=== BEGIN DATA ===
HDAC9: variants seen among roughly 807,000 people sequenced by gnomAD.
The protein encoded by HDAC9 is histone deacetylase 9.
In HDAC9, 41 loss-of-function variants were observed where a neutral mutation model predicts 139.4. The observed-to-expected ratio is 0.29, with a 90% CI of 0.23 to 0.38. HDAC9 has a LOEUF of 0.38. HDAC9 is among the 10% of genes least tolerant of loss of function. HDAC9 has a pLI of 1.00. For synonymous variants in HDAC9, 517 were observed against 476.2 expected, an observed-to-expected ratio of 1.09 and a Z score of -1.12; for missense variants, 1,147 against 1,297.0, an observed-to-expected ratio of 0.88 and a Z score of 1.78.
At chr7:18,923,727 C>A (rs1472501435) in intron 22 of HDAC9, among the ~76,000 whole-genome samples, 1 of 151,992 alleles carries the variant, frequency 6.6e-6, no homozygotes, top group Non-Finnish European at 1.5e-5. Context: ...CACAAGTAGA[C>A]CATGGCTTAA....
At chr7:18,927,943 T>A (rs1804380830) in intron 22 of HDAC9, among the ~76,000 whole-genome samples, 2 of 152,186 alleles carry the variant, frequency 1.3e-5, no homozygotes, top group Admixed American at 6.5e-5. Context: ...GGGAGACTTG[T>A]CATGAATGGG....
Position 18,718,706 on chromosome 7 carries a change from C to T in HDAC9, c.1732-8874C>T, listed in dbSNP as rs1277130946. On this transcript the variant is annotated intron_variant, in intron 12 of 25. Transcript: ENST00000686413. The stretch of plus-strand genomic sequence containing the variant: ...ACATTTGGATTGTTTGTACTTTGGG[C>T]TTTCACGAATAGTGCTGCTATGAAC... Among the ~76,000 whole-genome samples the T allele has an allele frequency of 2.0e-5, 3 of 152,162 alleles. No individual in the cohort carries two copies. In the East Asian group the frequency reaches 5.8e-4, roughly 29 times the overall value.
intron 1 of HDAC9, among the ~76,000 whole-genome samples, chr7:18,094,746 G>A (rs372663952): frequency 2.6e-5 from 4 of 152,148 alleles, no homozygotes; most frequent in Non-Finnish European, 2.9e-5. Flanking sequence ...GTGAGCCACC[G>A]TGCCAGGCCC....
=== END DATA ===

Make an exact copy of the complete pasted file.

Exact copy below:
HDAC9: variants seen among roughly 807,000 people sequenced by gnomAD.
The protein encoded by HDAC9 is histone deacetylase 9.
In HDAC9, 41 loss-of-function variants were observed where a neutral mutation model predicts 139.4. The observed-to-expected ratio is 0.29, with a 90% CI of 0.23 to 0.38. HDAC9 has a LOEUF of 0.38. HDAC9 is among the 10% of genes least tolerant of loss of function. HDAC9 has a pLI of 1.00. For synonymous variants in HDAC9, 517 were observed against 476.2 expected, an observed-to-expected ratio of 1.09 and a Z score of -1.12; for missense variants, 1,147 against 1,297.0, an observed-to-expected ratio of 0.88 and a Z score of 1.78.
At chr7:18,923,727 C>A (rs1472501435) in intron 22 of HDAC9, among the ~76,000 whole-genome samples, 1 of 151,992 alleles carries the variant, frequency 6.6e-6, no homozygotes, top group Non-Finnish European at 1.5e-5. Context: ...CACAAGTAGA[C>A]CATGGCTTAA....
At chr7:18,927,943 T>A (rs1804380830) in intron 22 of HDAC9, among the ~76,000 whole-genome samples, 2 of 152,186 alleles carry the variant, frequency 1.3e-5, no homozygotes, top group Admixed American at 6.5e-5. Context: ...GGGAGACTTG[T>A]CATGAATGGG....
Position 18,718,706 on chromosome 7 carries a change from C to T in HDAC9, c.1732-8874C>T, listed in dbSNP as rs1277130946. On this transcript the variant is annotated intron_variant, in intron 12 of 25. Transcript: ENST00000686413. The stretch of plus-strand genomic sequence containing the variant: ...ACATTTGGATTGTTTGTACTTTGGG[C>T]TTTCACGAATAGTGCTGCTATGAAC... Among the ~76,000 whole-genome samples the T allele has an allele frequency of 2.0e-5, 3 of 152,162 alleles. No individual in the cohort carries two copies. In the East Asian group the frequency reaches 5.8e-4, roughly 29 times the overall value.
intron 1 of HDAC9, among the ~76,000 whole-genome samples, chr7:18,094,746 G>A (rs372663952): frequency 2.6e-5 from 4 of 152,148 alleles, no homozygotes; most frequent in Non-Finnish European, 2.9e-5. Flanking sequence ...GTGAGCCACC[G>A]TGCCAGGCCC....